Newspaper Page Text
IolUME XIII-NO. 319.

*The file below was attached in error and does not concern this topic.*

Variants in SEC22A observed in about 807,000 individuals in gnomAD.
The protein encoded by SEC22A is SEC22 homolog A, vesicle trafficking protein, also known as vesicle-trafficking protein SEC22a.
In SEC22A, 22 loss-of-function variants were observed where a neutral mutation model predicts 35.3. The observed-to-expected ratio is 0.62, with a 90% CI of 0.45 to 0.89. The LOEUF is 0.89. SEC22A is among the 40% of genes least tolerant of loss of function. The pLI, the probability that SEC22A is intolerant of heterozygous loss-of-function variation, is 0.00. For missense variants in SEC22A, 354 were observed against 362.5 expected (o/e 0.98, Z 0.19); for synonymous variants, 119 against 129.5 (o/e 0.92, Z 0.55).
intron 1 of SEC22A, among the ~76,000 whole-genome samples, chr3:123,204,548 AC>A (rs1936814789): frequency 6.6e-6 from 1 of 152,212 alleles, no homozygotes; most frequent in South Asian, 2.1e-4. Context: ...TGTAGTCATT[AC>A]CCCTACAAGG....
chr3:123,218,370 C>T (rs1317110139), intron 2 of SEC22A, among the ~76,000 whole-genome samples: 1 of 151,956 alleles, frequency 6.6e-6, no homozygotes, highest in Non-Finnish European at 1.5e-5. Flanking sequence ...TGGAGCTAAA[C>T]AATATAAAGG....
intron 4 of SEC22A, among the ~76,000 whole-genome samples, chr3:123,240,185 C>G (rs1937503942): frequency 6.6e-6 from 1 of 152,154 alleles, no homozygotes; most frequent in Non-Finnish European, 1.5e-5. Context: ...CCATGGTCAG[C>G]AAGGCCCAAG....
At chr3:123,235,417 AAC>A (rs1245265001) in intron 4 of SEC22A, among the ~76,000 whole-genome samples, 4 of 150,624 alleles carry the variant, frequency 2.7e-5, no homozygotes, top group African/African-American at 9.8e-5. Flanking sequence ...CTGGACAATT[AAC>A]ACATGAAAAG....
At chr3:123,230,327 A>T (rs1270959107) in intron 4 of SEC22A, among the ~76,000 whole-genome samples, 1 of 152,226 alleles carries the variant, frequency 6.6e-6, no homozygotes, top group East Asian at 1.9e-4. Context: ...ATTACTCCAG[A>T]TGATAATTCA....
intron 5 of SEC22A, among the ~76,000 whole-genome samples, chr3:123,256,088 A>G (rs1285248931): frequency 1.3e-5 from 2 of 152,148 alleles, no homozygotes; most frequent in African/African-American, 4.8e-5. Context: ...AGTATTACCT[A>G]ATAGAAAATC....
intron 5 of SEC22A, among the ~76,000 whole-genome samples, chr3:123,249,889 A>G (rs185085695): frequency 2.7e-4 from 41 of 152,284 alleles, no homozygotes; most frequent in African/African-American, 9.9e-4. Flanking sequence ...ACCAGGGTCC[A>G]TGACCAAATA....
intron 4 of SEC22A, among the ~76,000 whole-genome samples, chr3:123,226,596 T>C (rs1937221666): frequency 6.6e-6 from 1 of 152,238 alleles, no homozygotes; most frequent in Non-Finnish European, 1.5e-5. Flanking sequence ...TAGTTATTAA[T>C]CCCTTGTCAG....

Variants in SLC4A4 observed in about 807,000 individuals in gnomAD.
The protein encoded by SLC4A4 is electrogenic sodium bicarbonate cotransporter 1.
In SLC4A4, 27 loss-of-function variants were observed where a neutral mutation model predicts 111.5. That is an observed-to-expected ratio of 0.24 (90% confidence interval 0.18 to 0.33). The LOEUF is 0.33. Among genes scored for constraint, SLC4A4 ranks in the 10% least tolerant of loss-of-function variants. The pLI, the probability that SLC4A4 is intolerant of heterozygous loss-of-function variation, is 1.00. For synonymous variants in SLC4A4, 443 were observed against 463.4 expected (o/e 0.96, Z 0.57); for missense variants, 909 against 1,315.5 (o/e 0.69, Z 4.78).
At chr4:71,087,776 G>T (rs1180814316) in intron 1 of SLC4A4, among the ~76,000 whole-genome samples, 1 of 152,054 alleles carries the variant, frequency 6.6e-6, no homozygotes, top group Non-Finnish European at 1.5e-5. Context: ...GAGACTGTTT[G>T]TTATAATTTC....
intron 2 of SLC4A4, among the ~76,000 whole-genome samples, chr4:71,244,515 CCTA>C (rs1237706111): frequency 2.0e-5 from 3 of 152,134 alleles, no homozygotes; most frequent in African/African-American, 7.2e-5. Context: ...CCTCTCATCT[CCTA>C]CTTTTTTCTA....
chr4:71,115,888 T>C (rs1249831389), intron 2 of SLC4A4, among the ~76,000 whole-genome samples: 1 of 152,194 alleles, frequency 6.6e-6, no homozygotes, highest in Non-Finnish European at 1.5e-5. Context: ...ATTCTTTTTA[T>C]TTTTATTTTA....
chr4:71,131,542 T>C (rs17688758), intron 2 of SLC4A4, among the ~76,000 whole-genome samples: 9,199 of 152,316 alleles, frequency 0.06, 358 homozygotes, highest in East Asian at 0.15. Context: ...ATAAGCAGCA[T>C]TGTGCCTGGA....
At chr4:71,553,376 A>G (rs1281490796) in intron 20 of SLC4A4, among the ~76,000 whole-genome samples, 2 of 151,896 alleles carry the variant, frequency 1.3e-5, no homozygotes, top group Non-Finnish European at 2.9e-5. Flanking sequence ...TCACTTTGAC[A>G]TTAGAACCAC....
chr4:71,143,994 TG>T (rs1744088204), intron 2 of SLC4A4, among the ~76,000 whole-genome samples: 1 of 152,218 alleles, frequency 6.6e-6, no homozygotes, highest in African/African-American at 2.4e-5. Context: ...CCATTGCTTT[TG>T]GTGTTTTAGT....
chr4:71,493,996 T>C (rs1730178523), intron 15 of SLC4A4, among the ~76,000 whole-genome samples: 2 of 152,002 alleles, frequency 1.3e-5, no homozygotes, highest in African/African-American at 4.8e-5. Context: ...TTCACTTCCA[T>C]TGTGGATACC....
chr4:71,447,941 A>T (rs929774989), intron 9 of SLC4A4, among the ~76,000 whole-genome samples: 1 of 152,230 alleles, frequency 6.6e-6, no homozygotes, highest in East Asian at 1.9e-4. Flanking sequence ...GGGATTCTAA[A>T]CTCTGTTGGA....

PRESCOTT, ARKANSAS TUESDAY, APRIL 27, 1920. PRICE FIVE CENTS THOMAS C. McRAE Candidate For Governor Arkansas is Being Plunged Deeper in Debt! Fell Behind Half Million Dollars in 1919! A Business Administration Imperative! i . Startling, but true, the state gov irnment is falling behind at the rate 6f more than $500,000 annually. The past week I«received. on request, from the State Treasurer a statement of re ceipts and disbursments for the year ending December 31, 1919, which con veys the astounding dilemma of our itafce government at the present. This statement reveals that $545, 066.01 more money was paid out in 1919 than was received. This is a part of the harvest of neglect, inef ficiency, extravagance and politics . Where is it going to end? Do the people of Arkansas require any better proof of the futility of government by the politicians than this ? But there are several politicians in i the race for Governor, any one of whom may be depended upon to do equally as well os is being done now. There is a merry tempest in a tea pot around several “headquarters” these days over the momentous (?) questions of who this professional politician is for, and who that one is for, in this, that and the other coun ty or community. But if the people, vote like they are talking, they are going to ignore the politicians this year. I promise a business administration. I stand for a vacation for politics and politicians. I have but the simple, single ambition—to make you an hon est, efficient, useful Governor. THOMAS C. McRAE. The Politicians Can’t Fool All The People All The Time Hark I hear the politician with his usual ambition AMERICAN RESCUES 2,000 ARMENIAN ORPHANS »k Western Newsp* lE^rr.-JWK.... Dispatches plumage al tha >' ilti this deed. American Neni iiom Adana, Turkey, indicate a Heroic rescue ut li.UOO Armenian orphans. alien tiie American or i city was destroyed by Incendiary tire of Turkish raiders. William Gilbert, Jr. of Yonkers is credited lie is tlie son of a Yonkers pastor, and a veteran of the war, having served in the uavy, now with the laiM Relief association In Turkey. with his pleasing disposition As he stands in proud array: But the old machine is rocking And the spokes are interlocking And reglardless of the knocking We are still for Tom McRae. There must be an early ending Of the reckless money spending For our state is stooped and bending Underneath a load of debt; While the Politicians prattle, You can hear life’s ebbing rattle, As they face a losing battle That they never shall forget. Rules of fairness long forsaken, Once again they’ve undertaken, To revive and re-awaken Those who proudly led the way; They may fool some folks forever All of us, part time, if clever, Not all folks, all time, no never, That is why we’re for McRae. —Randolph County Democrat. SUPREME COURT BEGINS SUBMISSION OF CASES Little Rock, April 27—The Supreme Court has caught up with the docket and yesterday began the submission of cases subject to call. Until this time the docket had been several weeks behind. Mrs. C. P. Arnold is on a visit with relatives at Magnolia. A SERVICE MESSAGE START YOUR CHECKING ACCOUNT TODAY A checking account at this bank outs order and system into your ft nancial affairs and supplies a means for keeping an accurate record of r„„, income and eipe»«""» » “f r^ 'ae rnl checKk and a.l oter sup plies are tfUto Come in today and say. # rne^rr—°te. RANK OF PRESCOTT .$75,000.00 Capital-. $75,000.00 garplna.-. PRESCOTT, ARKANSAS GEORGE BROWN MUST SERVE TIME SUPREME COURT AFFIRMS DE CISION OF LOWER COURT IN CASE OF GEO. BROWN CHARG ED WITH ROBBERY. George Brown, a jitney driver of Hope, who was sentenced to serve three years in the penitentiary at the last regular session of the Nevada circuit court for robbing Ben Baker and his aged mother near Bodcaw, must serve his full sentence, accord ing to a ruling of the tate supreme court yesterday, the higher court af firming the sentence of the lower court. Brown has been out under bond since his appeal was taken. 1 Brown together with Joe Ed Smith, Harry Simmons and Arthur Neal, went down to the home of Ben Bak er and his mother early at night in a car an daccording to the tetimany stopped the car a few yards from the house, one standing guard at the cara, one at the back entrance to the yard and two, one of which was Brown, went into the house, and are said to have tied a rope around Baker’s neck and dragged him out into the yard to force him to disgorge the in formation as to the location of his mother’s money. They also tied the aged woman to a bed pot. After rob bing the two people they returned vto Hope. Neal was the first to “squal” making affadavit to his story to lo ;al officers and later Simmons con fessed in open court at the trial. At GRADUATION TIME [s here and It’s the time of all times, For GIFTS Come to US, we have hundreds of gifts both for the Young Lady and the Young Man, Prices from 50c to as much as you want to pay. Come in and look around. that term of court Smith was sen tenced to three and a half years in the pen for robbing a travelling show at Bodcaw, for which he is now serv ing time; Simmonds was given a year in the pen, for his share in the Baker robbery, but because of his age, which is only 19, was transferred to the re form school where he is at present. Neal never has come to trial for his share in the affair. MAKES REPORT ON AGRICULTURAL SCHOOL Little Rock, April 27.—T. B. Kit chens, assistant State Comtroller, has made public his report on the Second District Agricultural School at Russel ville. It shows the total value of the property in which the tate holds title amounts to $303,855,42. The state expended for the benefit of the school during the two year ending July 1, 1919, the sum of $84,992.92, of which 48 per centwa s for salaries and 13 percent for supplies. The Farm Account showed receipts of $4,969.25 from the sale of dairy products, live stock etc. The report says: “ThTe records are kept accurately and reflect all financial transactions in a satisfactory manner. Some changes will be made in the manner of keeping ame, however, when the other schools have been audited and the requirements of al lfour observed. A uniform system will be placed in all four schools.” KresoD ip, all sizes at HE3TJER LY’S. SIX TO DIE. SIX TO BE TRIED MONDAY ARKANSAS SUPREME COURT DE NIES GROUP HEARING—ECHO ES OF NEGRO REVOLT—JACK SON DEFERS RETRIALS. Little Rock, April 26.—The supreme court today denied a rehearing in the cases of the sixne groes convicted of murder in connection with the negro uprising at Elaine, Phillips county. The governor will not set the date for the execution of the negroes. The six cases reversed by the su preme court will be retried in Helena Monday. Helena, Ark., April 26.—When the Phillips circuit court convened here today interest centered in the cases of Ed Ware, Will Wordlow, Alf Banks, Jr., Joh nMartin, Joe Fox and Albert Giles, to be retried here for murder in connection with the Phillips coun ty insurrection of last October. The cases of the six negroes had been, reversed and remanded by the su preme court, because of the wording of the verdict. Scipio Jones, negro attorney of Lit tle Rock ,appeared for the defendants and stated that Col. George W. Mur phy of Little Rock, chief counsel for the six negroes was exceedingly busy Jones asked that the cases be deferred as long as possible, and Judge J. M. Jackson, presiding, set the cases for next Monday. The case of Ben Helm charged with murder in connection brought to trial on Monday next. Helm was arrested in Jefferson coun ty last December, having been pre viously indicted for murder by the Phillips county grand jury. Failure of the six negroes to be retried to ask for a change of venue caused mild comment here, as it was generally be lieved that such an attempt would be made. Ben Helm being unable to em ploy an attorney, the court appointed Hon. Skipwith W. Adams to repre sent him. SUPREME COURT SUSTAINS TREASURER Little Rock, April 27.—The Supreme Court has sustained State Treasurer Joe Ferguson in his contention that the $15,000 appropriated by the leg islature for the Railroad Commission is not available for the use of the Arkansas Corporation Commission. The money was appropriated specifi cally to fight the rate cases, and the Corporation Commission attempted to use it for this purpose, but the State Treasurerj|ould not honor the war rant. TlflPcourt holds that all ex penses of the Commission must be borne out of the $35,000 to be raised by taxes on the corporations. 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